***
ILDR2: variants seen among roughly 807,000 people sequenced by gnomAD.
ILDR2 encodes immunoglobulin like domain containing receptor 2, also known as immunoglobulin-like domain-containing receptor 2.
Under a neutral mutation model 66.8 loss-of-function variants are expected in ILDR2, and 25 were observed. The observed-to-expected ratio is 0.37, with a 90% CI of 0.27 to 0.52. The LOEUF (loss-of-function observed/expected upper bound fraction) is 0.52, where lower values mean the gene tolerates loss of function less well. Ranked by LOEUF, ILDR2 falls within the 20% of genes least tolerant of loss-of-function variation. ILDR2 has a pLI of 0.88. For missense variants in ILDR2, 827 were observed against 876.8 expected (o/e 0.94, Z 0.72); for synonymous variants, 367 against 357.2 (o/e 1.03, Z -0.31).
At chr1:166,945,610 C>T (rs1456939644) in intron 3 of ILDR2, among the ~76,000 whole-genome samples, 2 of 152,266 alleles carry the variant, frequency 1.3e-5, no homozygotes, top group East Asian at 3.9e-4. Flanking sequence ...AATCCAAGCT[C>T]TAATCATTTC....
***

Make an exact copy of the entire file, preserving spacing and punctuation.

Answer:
ILDR2: variants seen among roughly 807,000 people sequenced by gnomAD.
ILDR2 encodes immunoglobulin like domain containing receptor 2, also known as immunoglobulin-like domain-containing receptor 2.
Under a neutral mutation model 66.8 loss-of-function variants are expected in ILDR2, and 25 were observed. The observed-to-expected ratio is 0.37, with a 90% CI of 0.27 to 0.52. The LOEUF (loss-of-function observed/expected upper bound fraction) is 0.52, where lower values mean the gene tolerates loss of function less well. Ranked by LOEUF, ILDR2 falls within the 20% of genes least tolerant of loss-of-function variation. ILDR2 has a pLI of 0.88. For missense variants in ILDR2, 827 were observed against 876.8 expected (o/e 0.94, Z 0.72); for synonymous variants, 367 against 357.2 (o/e 1.03, Z -0.31).
At chr1:166,945,610 C>T (rs1456939644) in intron 3 of ILDR2, among the ~76,000 whole-genome samples, 2 of 152,266 alleles carry the variant, frequency 1.3e-5, no homozygotes, top group East Asian at 3.9e-4. Flanking sequence ...AATCCAAGCT[C>T]TAATCATTTC....